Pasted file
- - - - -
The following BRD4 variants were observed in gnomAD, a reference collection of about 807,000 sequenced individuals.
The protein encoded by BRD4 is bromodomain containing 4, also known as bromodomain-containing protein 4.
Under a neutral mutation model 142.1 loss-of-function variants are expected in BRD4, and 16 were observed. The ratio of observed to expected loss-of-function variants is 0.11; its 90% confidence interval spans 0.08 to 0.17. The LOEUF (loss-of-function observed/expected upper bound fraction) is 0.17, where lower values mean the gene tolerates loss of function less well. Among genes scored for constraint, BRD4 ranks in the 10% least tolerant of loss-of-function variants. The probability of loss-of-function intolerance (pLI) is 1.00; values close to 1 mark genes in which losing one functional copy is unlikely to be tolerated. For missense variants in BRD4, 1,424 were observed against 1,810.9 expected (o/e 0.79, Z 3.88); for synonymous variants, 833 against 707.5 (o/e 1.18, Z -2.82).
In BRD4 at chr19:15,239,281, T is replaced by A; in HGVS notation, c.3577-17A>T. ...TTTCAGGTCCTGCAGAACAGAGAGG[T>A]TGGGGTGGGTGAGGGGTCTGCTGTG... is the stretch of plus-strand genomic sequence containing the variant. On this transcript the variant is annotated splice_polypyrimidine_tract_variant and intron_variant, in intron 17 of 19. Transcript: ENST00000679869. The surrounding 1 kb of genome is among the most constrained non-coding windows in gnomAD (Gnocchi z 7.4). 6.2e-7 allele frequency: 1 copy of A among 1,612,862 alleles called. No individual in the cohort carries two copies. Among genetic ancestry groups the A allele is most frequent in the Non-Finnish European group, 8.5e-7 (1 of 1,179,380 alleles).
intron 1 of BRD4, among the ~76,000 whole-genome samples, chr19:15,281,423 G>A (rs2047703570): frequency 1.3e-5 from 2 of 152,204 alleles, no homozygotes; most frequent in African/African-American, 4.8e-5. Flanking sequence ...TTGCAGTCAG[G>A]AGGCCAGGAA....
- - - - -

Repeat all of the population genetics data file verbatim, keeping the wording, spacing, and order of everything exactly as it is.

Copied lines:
The following BRD4 variants were observed in gnomAD, a reference collection of about 807,000 sequenced individuals.
The protein encoded by BRD4 is bromodomain containing 4, also known as bromodomain-containing protein 4.
Under a neutral mutation model 142.1 loss-of-function variants are expected in BRD4, and 16 were observed. The ratio of observed to expected loss-of-function variants is 0.11; its 90% confidence interval spans 0.08 to 0.17. The LOEUF (loss-of-function observed/expected upper bound fraction) is 0.17, where lower values mean the gene tolerates loss of function less well. Among genes scored for constraint, BRD4 ranks in the 10% least tolerant of loss-of-function variants. The probability of loss-of-function intolerance (pLI) is 1.00; values close to 1 mark genes in which losing one functional copy is unlikely to be tolerated. For missense variants in BRD4, 1,424 were observed against 1,810.9 expected (o/e 0.79, Z 3.88); for synonymous variants, 833 against 707.5 (o/e 1.18, Z -2.82).
In BRD4 at chr19:15,239,281, T is replaced by A; in HGVS notation, c.3577-17A>T. ...TTTCAGGTCCTGCAGAACAGAGAGG[T>A]TGGGGTGGGTGAGGGGTCTGCTGTG... is the stretch of plus-strand genomic sequence containing the variant. On this transcript the variant is annotated splice_polypyrimidine_tract_variant and intron_variant, in intron 17 of 19. Transcript: ENST00000679869. The surrounding 1 kb of genome is among the most constrained non-coding windows in gnomAD (Gnocchi z 7.4). 6.2e-7 allele frequency: 1 copy of A among 1,612,862 alleles called. No individual in the cohort carries two copies. Among genetic ancestry groups the A allele is most frequent in the Non-Finnish European group, 8.5e-7 (1 of 1,179,380 alleles).
intron 1 of BRD4, among the ~76,000 whole-genome samples, chr19:15,281,423 G>A (rs2047703570): frequency 1.3e-5 from 2 of 152,204 alleles, no homozygotes; most frequent in African/African-American, 4.8e-5. Flanking sequence ...TTGCAGTCAG[G>A]AGGCCAGGAA....